Strawberry: Athletes Shouldn’t Protest; Society Will Punish Them For Making A Statement

Darryl Strawberry dropped by CBS Sports Radio on Wednesday to discuss his new book, Don’t Give Up On Me: Shedding Light on Addiction with Darryl Strawberry, but he also weighed in on numerous sports topics, including player protests.

Strawberry, 55, believes that professional athletes have a right to think and say whatever they want, but protesting may cross the line.

“You can express yourself, but I don’t want to be political,” Strawberry said on CBS Sports Radio’s Tiki and Tierney. “I’m an athlete. I’m in the midst of my career. I only have a certain period of time to play and I have to make the best out of that. Now when you take off the uniform, you become a different person. I think when you have a uniform on, you have a responsibility to represent who you’re playing for and your family and all these things. Do we all do it well that way? No. I wish I could have been a Derek Jeter. I wish I could have lived like him and been a king and lived the right way and had the right kind of lifestyle and played for 20 years putting on the uniform and said all the right things. But that just wasn’t me. So I’m not criticizing anyone.

 

 

“I’m thinking for the players,” Strawberry continued, “because what I’m seeing in today’s society, there’s a great punishment behind you trying to make a statement. Then you get the bad rap because you’re trying to stand up for something. We all are human. None of us are better than anybody. We all got issues. We all have fallen short. So we can’t sit here and just say ‘Well, it’s their problem.’ You know what, America? It’s all of our problem – and we need to learn to come together. Like I said, I’m not against what these guys are standing for, but I know as far as them being on a professional level playing sports, I think it’s very difficult to be someone to do that because you’re going to be labeled.”

At the same time, Strawberry doesn’t think fans should get angry at players for voicing their opinions.

“I don’t think fans should get into it about a player, what his rights are and what his opinions are,” Strawberry said. “The only thing I really think about as players is not being a politician, not dealing with that. I think you need to stay away from that because that’s now who you are. You wasn’t created for that. (We) have enough problems on (our) own trying to figure out our jobs and our life and who we are. I would leave it that way. But you have a right an opinion to talk about it. There’s nothing wrong with talking about it. But if you start getting into a place where you start protesting, people will start pointing fingers at you.”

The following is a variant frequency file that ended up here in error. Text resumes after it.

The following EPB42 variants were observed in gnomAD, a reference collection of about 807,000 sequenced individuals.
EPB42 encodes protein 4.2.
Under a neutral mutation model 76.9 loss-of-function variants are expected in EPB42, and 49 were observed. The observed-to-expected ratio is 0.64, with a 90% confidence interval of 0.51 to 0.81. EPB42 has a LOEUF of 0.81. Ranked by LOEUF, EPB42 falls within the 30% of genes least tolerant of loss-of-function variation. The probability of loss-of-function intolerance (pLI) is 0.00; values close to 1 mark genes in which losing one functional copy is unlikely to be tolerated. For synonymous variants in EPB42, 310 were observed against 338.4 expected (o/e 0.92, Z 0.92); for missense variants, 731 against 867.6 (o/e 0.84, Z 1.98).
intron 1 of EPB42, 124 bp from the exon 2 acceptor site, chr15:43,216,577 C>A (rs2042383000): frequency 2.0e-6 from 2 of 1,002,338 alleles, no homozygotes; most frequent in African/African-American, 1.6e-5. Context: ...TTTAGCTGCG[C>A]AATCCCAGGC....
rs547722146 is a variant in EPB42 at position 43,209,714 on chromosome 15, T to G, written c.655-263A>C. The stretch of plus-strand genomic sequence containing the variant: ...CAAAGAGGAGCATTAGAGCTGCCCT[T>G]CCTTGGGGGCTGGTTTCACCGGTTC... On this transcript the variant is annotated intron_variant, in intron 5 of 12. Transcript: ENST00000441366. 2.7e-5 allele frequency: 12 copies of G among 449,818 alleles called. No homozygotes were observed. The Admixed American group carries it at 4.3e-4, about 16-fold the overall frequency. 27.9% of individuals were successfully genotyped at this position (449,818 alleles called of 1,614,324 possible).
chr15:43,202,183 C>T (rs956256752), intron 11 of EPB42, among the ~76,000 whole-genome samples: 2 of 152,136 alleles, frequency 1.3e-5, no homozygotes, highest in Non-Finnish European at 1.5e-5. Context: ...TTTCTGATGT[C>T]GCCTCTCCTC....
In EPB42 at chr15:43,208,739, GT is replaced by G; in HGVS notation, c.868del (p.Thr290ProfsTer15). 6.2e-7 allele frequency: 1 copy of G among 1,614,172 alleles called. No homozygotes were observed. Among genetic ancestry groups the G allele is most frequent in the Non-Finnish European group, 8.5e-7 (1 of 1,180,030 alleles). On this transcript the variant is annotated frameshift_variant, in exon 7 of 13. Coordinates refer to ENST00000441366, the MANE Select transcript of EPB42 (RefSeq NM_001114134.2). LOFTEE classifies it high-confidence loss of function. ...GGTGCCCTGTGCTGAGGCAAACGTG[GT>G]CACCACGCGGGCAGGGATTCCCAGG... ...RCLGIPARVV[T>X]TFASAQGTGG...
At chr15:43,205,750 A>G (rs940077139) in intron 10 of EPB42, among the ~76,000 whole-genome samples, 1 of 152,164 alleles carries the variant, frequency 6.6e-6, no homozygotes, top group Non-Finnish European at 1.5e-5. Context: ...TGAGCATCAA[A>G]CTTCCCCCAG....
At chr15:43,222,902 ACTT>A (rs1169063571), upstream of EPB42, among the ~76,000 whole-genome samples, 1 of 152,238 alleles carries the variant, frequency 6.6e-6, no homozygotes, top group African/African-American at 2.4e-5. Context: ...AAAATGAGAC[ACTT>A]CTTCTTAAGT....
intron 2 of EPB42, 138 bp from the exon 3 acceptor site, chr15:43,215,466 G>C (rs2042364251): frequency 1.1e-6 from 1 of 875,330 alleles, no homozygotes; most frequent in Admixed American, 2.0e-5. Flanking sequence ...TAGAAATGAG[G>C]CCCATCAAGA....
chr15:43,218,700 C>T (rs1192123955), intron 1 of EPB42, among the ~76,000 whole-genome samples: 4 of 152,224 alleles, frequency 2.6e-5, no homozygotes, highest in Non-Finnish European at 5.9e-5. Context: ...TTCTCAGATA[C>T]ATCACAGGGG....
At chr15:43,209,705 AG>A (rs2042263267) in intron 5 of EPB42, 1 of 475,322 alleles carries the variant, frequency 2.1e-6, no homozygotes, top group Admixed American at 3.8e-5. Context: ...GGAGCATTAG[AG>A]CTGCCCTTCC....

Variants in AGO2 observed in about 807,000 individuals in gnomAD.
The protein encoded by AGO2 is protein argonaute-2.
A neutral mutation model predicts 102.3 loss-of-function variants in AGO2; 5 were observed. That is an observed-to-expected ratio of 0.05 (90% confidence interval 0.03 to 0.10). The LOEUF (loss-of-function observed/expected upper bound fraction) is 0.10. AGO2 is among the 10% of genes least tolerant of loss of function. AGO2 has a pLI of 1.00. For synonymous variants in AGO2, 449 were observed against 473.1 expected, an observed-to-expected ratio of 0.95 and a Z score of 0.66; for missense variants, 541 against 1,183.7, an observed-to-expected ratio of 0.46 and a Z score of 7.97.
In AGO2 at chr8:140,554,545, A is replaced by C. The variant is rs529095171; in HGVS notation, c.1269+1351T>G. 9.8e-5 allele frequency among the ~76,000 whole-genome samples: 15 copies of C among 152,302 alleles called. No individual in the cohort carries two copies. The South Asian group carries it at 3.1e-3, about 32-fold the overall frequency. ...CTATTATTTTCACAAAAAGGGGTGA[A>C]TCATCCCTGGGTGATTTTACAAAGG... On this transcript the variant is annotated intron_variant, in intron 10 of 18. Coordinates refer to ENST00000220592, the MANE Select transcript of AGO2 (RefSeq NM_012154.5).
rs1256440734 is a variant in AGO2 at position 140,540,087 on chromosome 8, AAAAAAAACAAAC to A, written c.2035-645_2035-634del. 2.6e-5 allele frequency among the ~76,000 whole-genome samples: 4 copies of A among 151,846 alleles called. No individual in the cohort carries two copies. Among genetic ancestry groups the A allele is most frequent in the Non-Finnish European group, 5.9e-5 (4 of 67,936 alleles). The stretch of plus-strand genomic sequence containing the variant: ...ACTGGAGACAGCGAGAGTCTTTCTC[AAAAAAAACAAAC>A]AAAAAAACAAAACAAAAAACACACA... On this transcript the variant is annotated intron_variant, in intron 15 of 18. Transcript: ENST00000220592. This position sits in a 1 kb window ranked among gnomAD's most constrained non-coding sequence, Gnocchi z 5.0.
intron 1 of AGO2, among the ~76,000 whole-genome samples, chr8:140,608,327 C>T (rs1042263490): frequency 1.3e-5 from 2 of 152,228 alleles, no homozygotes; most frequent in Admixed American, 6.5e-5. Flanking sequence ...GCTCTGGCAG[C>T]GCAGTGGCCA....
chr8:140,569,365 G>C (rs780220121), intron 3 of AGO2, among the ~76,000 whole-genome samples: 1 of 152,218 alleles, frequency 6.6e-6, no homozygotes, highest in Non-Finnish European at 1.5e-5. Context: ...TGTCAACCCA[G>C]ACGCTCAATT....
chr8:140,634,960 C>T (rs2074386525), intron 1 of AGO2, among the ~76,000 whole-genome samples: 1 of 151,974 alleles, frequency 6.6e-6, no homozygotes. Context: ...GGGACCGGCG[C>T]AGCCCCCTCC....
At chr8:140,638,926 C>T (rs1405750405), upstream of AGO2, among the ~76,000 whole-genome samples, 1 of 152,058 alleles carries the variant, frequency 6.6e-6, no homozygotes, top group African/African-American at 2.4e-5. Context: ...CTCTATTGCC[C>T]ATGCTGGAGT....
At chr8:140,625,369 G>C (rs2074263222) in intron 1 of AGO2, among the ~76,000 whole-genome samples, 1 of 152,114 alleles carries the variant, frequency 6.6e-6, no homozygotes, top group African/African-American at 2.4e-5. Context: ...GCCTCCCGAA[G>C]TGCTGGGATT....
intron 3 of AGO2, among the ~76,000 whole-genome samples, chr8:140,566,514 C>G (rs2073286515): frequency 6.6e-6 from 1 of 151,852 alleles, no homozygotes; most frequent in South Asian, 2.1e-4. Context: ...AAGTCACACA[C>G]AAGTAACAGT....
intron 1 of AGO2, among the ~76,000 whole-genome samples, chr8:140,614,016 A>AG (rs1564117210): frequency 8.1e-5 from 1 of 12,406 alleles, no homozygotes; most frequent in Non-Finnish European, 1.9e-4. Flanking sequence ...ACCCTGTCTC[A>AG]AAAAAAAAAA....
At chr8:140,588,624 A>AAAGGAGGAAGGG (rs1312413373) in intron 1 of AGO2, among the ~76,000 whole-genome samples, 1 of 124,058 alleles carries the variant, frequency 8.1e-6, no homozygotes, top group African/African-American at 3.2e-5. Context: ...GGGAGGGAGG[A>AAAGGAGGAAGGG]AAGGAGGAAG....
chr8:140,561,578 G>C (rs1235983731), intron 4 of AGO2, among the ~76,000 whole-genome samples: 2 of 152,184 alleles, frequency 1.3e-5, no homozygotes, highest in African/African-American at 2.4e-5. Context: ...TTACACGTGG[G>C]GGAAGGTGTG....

Switching gears, Strawberry discussed his relationship with former teammate Dwight Gooden. The two were teammates with the Mets in the ’80s and the Yankees in the ’90s and have had their ups and downs over the years.

“It’s like brothers,” Strawberry said. “The thing about it is when you care about somebody – because everybody else is going to blows smoke up your butt. When you truly care abut somebody and you know that they’re struggling and whatever it may be, you try to reach out. You try to help. Then when they deny you, you feel bad. You feel hurt inside. I know from my heart that I love and care (about him). I’m not trying gain anything. Everybody was thinking I’m trying to gain something from this. I’m not trying to gain anything from this. This guy, I know. I played behind this guy. I know this guy. I know what this guy is like. To be in that situation, it was pretty frustrating to me and other people. We kind of put that to the side and we kind of came back together as we always do and hug and make up and then just move forward.

“He knows that I really care for him,” Strawberry continued. “He knows that deep down inside, and that’s all that’s really what’s important to me is that you know that I care for you. I’m not going to be one of these guys (who talks behind his back). We have a lot of that in sports, too. A lot of guys are two-faced. They’ll be in your face one minute. ‘Oh, man, you the greatest.’ And then they’ll be behind your back over there talking about you to somebody else.”

Comments

Leave a Reply

Fill in your details below or click an icon to log in:

Twitter picture

You are commenting using your Twitter account. Log Out / Change )

Facebook photo

You are commenting using your Facebook account. Log Out / Change )

Google+ photo

You are commenting using your Google+ account. Log Out / Change )

Connecting to %s

Listen Live